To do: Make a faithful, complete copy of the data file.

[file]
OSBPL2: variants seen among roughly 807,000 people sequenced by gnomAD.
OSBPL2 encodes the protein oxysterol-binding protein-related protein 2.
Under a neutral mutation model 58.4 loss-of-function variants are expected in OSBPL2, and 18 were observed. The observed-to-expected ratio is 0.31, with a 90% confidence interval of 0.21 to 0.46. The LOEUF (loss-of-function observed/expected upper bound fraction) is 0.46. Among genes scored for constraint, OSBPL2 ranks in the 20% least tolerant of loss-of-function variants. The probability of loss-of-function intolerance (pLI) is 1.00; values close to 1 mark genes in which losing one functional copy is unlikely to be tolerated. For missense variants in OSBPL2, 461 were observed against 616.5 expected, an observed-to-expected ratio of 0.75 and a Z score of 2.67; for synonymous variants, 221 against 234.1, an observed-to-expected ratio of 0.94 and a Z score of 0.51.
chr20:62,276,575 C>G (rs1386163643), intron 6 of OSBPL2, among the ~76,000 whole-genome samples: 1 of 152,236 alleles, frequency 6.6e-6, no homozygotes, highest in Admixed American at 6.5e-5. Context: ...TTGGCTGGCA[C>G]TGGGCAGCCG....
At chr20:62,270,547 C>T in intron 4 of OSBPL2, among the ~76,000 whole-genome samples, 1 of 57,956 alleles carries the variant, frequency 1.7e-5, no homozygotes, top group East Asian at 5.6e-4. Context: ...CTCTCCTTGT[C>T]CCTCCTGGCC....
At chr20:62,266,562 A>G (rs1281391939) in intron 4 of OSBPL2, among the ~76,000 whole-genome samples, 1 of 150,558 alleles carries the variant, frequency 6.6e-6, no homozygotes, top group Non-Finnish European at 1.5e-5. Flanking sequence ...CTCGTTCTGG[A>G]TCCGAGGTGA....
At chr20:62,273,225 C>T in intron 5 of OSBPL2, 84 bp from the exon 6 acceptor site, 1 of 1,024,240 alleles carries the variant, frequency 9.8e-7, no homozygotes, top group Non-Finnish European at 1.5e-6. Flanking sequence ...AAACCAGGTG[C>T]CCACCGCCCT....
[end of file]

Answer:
OSBPL2: variants seen among roughly 807,000 people sequenced by gnomAD.
OSBPL2 encodes the protein oxysterol-binding protein-related protein 2.
Under a neutral mutation model 58.4 loss-of-function variants are expected in OSBPL2, and 18 were observed. The observed-to-expected ratio is 0.31, with a 90% confidence interval of 0.21 to 0.46. The LOEUF (loss-of-function observed/expected upper bound fraction) is 0.46. Among genes scored for constraint, OSBPL2 ranks in the 20% least tolerant of loss-of-function variants. The probability of loss-of-function intolerance (pLI) is 1.00; values close to 1 mark genes in which losing one functional copy is unlikely to be tolerated. For missense variants in OSBPL2, 461 were observed against 616.5 expected, an observed-to-expected ratio of 0.75 and a Z score of 2.67; for synonymous variants, 221 against 234.1, an observed-to-expected ratio of 0.94 and a Z score of 0.51.
chr20:62,276,575 C>G (rs1386163643), intron 6 of OSBPL2, among the ~76,000 whole-genome samples: 1 of 152,236 alleles, frequency 6.6e-6, no homozygotes, highest in Admixed American at 6.5e-5. Context: ...TTGGCTGGCA[C>G]TGGGCAGCCG....
At chr20:62,270,547 C>T in intron 4 of OSBPL2, among the ~76,000 whole-genome samples, 1 of 57,956 alleles carries the variant, frequency 1.7e-5, no homozygotes, top group East Asian at 5.6e-4. Context: ...CTCTCCTTGT[C>T]CCTCCTGGCC....
At chr20:62,266,562 A>G (rs1281391939) in intron 4 of OSBPL2, among the ~76,000 whole-genome samples, 1 of 150,558 alleles carries the variant, frequency 6.6e-6, no homozygotes, top group Non-Finnish European at 1.5e-5. Flanking sequence ...CTCGTTCTGG[A>G]TCCGAGGTGA....
At chr20:62,273,225 C>T in intron 5 of OSBPL2, 84 bp from the exon 6 acceptor site, 1 of 1,024,240 alleles carries the variant, frequency 9.8e-7, no homozygotes, top group Non-Finnish European at 1.5e-6. Flanking sequence ...AAACCAGGTG[C>T]CCACCGCCCT....